MedImmune selected the PlantPAx® process automation system from Rockwell Automation – a scalable, plantwide control system – to gain fully integrated control over the Louisville center’s distribution operations. The project was implemented in phases to minimize downtime to the two freezers.
MedImmune partnered with Stone Technologies – a Solution Partner within the Rockwell Automation PartnerNetwork™ program – to implement phase one of the new system. That included installation of the facility’s core control infrastructure, a fully redundant, fiber-optic ring backbone enabled with EtherNet/IP™ connectivity.
Deployment of the freezers’ process control network quickly followed, including two new programmable automation controllers for each, and a third dedicated to segregating and archiving GMP data. All electronic components associated with the two freezers were replaced.
Phase one also included the creation of a virtual environment using VMware® to save on space, as well as the high costs that come with purchasing, commissioning and maintaining multiple physical servers.
In phase two, MedImmune engaged directly with Rockwell Automation to design and implement a new conveyor and control system, and integrate it with the PlantPAx system for plantwide control.
“Each of the conveyors systems had somewhere north of 500 I/O and were not well-documented,” Heckmanski said. “Using their code-transfer tools, the Rockwell Automation design and engineering team was able to extract the existing code with 80 to 85 percent accuracy. They did the minor modifications in their facility and brought the new control system into our distribution center ready to go.”
Phase three – addressing the automated storage and retrieval system for each freezer – is under way. Besides new controllers for the system, the legacy crane equipment will eventually be replaced with a full complement of Rockwell Automation equipment, including new drives and remote, reset-overload capabilities.
“With the reset, our operators won’t have to go into a minus 25-degree environment to reset a trip. They can just push a button on an HMI,” Heckmanski said. “From a safety standpoint, the more information the operator can access outside the freezer, the better.”
The ease of implementing the modern DCS system helped shave weeks off the original timeline. MedImmune leveraged the Rockwell Automation library of process objects to minimize development and testing time, allowing them to finish phase one six weeks ahead of schedule.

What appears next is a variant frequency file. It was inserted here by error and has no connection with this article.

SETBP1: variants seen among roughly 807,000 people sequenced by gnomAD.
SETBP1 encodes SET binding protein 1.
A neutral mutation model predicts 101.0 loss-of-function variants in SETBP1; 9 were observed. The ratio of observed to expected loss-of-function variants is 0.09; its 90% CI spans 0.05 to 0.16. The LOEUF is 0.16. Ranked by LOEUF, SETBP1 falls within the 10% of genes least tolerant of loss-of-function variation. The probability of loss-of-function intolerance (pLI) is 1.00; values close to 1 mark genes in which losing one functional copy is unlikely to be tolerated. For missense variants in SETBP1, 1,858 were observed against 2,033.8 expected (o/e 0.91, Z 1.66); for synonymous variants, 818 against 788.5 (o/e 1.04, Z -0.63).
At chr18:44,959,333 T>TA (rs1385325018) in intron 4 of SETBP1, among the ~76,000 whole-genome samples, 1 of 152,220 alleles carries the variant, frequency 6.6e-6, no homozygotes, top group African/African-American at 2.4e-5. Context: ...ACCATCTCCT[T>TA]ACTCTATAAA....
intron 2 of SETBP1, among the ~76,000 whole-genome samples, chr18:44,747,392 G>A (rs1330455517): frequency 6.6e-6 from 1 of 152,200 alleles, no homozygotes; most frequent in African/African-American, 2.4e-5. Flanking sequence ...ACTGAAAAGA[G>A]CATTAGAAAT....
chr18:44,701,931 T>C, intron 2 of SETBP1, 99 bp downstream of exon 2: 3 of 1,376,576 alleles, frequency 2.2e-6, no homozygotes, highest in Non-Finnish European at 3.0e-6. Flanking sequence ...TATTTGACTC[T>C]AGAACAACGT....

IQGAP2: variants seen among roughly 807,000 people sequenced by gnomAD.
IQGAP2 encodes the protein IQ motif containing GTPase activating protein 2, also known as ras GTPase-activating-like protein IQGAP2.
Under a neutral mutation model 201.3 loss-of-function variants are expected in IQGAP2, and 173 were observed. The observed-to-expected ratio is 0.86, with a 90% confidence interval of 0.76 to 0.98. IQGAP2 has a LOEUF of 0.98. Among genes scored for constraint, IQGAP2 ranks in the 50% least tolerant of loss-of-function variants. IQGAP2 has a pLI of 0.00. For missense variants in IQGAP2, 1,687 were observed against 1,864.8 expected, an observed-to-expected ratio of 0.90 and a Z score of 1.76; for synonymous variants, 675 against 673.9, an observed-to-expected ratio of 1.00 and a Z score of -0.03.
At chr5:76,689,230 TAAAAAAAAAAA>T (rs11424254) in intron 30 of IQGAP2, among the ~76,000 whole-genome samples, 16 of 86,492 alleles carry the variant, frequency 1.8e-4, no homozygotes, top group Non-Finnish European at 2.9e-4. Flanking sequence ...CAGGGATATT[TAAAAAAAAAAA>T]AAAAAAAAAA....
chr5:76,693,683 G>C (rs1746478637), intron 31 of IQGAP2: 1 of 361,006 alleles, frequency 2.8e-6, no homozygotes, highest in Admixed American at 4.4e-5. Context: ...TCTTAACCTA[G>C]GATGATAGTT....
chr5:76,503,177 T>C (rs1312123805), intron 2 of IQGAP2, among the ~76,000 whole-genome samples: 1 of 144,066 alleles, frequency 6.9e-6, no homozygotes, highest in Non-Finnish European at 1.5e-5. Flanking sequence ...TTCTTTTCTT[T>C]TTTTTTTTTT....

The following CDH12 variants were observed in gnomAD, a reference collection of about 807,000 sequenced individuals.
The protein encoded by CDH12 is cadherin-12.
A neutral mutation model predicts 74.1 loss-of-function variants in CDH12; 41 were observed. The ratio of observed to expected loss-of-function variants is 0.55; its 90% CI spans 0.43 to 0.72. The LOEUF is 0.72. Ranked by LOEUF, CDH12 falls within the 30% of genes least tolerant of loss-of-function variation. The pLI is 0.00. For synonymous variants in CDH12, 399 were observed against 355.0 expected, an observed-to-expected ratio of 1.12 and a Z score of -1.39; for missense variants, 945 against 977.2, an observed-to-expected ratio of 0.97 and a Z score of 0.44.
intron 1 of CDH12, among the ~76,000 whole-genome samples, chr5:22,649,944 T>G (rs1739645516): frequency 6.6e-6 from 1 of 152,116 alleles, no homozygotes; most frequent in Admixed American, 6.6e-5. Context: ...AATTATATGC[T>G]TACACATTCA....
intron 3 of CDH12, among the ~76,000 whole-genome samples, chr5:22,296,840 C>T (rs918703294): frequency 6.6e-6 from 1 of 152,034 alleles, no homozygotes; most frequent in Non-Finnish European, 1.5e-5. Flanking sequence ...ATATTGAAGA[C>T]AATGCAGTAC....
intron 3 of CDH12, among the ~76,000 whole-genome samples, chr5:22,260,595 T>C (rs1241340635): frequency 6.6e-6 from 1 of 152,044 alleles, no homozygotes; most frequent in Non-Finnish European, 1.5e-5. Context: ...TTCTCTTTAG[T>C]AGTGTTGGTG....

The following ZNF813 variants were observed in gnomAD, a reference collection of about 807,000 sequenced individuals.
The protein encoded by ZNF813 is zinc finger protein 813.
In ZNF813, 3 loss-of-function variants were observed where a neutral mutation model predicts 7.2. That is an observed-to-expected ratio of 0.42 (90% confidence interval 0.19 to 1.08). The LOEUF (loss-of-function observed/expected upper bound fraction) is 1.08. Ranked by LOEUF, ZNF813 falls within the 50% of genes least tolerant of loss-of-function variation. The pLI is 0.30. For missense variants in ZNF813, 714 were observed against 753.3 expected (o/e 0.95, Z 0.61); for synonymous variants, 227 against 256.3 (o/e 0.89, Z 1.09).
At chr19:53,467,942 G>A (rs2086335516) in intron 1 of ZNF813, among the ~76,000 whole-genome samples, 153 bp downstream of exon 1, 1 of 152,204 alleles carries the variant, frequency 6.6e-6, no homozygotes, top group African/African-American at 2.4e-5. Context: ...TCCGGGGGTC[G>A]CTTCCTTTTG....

Virtualizing the system servers provided significant savings in time, too. System setup and software installation was reduced from a typical two weeks to eight days.
“We were surprised how much time we saved overall,” Heckmanski said. “In particular, reducing the anticipated downtime of the refrigeration system by over 20 percent was huge because the freezers are the most essential element of the facility’s operation. The longer they sat at ambient, the longer it would have taken to come back down to the validated temperature.”
The PlantPAx platform has provided MedImmune with all the components needed for regulatory compliance in a single, plantwide solution, opposed to the islands of automation previously deployed at the facility. Availability of centralized GMP data delivered by the new system helps the company easily pull any required information required for an FDA audit.
In addition, the facility’s process systems now operate with greater efficiency and ease of access for operators and maintenance personnel, though MedImmune is still quantifying those benefits as it moves through phase three of the project and beyond.
“The seamless integration and compatibility of components with the PlantPAx system will reduce risk when we replace other aging equipment and continue to upgrade the facility,” Bilger said. “Once everything is connected to the system, we can really explore all the bells and whistles. We are really just scratching the surface of what the system will enable us to do.”
The results mentioned above are specific to MedImmune’s use of Rockwell Automation products and services, in conjunction with other products. Specific results may vary for other customers.